The expansion of electric mobility in Germany could lead to lower household electricity prices, said Fraunhofer Research Institution for Energy Infrastructures and Geothermal Systems IEG and Fraunhofer Institute for Systems and Innovation Research ISI in an analysis.
On the one hand, e-cars could move their charging periods to the night, thus helping to avoid peak power demand during the day and flattening the demand curve. This would lead to a reduced need for grid expansion, and thus to lower grid fees, which make up a large part of power bills.
“By smoothing the consumption curve, the grid is used more efficiently and the ‘rent’ per unit of electricity consumed decreases,” write the researchers. The second aspect is the battery capacity of electric cars.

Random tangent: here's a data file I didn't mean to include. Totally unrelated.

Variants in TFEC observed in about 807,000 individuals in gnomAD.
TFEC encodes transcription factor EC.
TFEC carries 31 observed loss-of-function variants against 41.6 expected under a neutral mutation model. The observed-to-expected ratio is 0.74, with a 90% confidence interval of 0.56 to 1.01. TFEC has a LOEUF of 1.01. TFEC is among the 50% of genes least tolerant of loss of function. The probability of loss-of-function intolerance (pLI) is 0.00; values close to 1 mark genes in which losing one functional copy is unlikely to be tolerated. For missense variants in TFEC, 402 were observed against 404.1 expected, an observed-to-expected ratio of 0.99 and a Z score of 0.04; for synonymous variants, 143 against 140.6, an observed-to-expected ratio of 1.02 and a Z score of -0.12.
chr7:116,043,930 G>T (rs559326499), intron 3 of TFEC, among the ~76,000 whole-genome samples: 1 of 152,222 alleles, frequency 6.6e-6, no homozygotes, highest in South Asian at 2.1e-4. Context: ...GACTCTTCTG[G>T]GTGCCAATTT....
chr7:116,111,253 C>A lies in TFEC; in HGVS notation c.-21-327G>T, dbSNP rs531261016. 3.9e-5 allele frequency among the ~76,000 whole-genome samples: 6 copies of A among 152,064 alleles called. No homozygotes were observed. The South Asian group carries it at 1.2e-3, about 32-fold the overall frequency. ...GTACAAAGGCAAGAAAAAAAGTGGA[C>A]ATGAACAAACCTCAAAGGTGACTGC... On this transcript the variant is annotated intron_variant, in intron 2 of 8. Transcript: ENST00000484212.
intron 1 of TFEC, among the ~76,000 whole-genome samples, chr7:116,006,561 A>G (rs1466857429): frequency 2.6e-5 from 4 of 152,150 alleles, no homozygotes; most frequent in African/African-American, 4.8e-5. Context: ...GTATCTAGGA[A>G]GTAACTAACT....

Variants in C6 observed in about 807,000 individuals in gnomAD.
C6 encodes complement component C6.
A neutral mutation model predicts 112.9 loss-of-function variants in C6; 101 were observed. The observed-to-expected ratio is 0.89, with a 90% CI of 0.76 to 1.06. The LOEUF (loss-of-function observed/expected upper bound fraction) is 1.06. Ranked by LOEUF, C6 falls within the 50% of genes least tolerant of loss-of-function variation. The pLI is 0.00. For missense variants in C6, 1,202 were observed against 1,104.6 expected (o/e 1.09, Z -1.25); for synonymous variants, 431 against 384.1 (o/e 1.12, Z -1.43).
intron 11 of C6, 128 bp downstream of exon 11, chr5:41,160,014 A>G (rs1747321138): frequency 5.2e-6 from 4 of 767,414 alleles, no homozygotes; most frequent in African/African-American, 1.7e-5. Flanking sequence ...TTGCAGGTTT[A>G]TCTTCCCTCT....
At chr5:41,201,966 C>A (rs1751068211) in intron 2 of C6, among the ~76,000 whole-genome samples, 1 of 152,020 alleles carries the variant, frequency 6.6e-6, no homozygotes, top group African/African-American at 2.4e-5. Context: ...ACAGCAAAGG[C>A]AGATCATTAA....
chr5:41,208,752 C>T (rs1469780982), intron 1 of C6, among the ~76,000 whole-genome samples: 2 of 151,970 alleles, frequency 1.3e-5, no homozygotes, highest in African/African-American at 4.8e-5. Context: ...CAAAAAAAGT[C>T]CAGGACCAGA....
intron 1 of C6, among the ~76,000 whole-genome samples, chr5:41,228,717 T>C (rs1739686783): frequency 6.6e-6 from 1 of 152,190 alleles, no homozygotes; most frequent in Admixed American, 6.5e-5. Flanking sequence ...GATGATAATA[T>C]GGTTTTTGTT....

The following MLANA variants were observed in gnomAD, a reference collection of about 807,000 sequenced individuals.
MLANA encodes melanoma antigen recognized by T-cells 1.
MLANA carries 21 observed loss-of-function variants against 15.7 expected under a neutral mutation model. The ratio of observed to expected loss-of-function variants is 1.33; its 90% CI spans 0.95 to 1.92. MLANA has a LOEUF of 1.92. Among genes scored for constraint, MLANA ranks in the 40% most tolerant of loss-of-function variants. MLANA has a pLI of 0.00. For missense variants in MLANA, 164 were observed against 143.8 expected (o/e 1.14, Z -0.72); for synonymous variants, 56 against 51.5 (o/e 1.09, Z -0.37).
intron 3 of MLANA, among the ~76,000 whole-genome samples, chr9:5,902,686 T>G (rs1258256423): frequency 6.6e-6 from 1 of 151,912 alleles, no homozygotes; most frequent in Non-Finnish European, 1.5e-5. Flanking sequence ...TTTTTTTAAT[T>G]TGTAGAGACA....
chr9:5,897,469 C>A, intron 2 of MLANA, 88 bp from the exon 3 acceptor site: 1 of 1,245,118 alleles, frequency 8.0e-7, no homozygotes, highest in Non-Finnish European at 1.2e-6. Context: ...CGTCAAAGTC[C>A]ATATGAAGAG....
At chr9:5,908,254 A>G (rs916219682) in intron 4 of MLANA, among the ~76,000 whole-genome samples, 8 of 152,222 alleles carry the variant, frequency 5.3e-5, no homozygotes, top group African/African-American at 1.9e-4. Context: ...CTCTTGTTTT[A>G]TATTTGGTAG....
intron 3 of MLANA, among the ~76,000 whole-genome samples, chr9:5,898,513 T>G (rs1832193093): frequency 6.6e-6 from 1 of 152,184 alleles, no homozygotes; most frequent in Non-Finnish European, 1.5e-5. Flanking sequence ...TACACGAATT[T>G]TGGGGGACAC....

If this is used to store volatile energy from renewable sources and make it usable, the greenhouse gas emissions of the overall energy system would also decrease. In addition, this lowers the procurement costs in the electricity market, they said.
Their simulation with a total of four million e-cars in Germany by 2030 representing a share of 30 percent of private passenger cars in any given grid region showed that household power prices could be 3.5 percent lower than in a system without e-mobility.
Germany plans to have seven to ten million electric cars on the roads by 2030. The country will probably reach its target of having one million fully electric or plug-in hybrid cars on the road this year, government advisors have said recently.
Source: Clean Energy Wire. Reproduced with permission.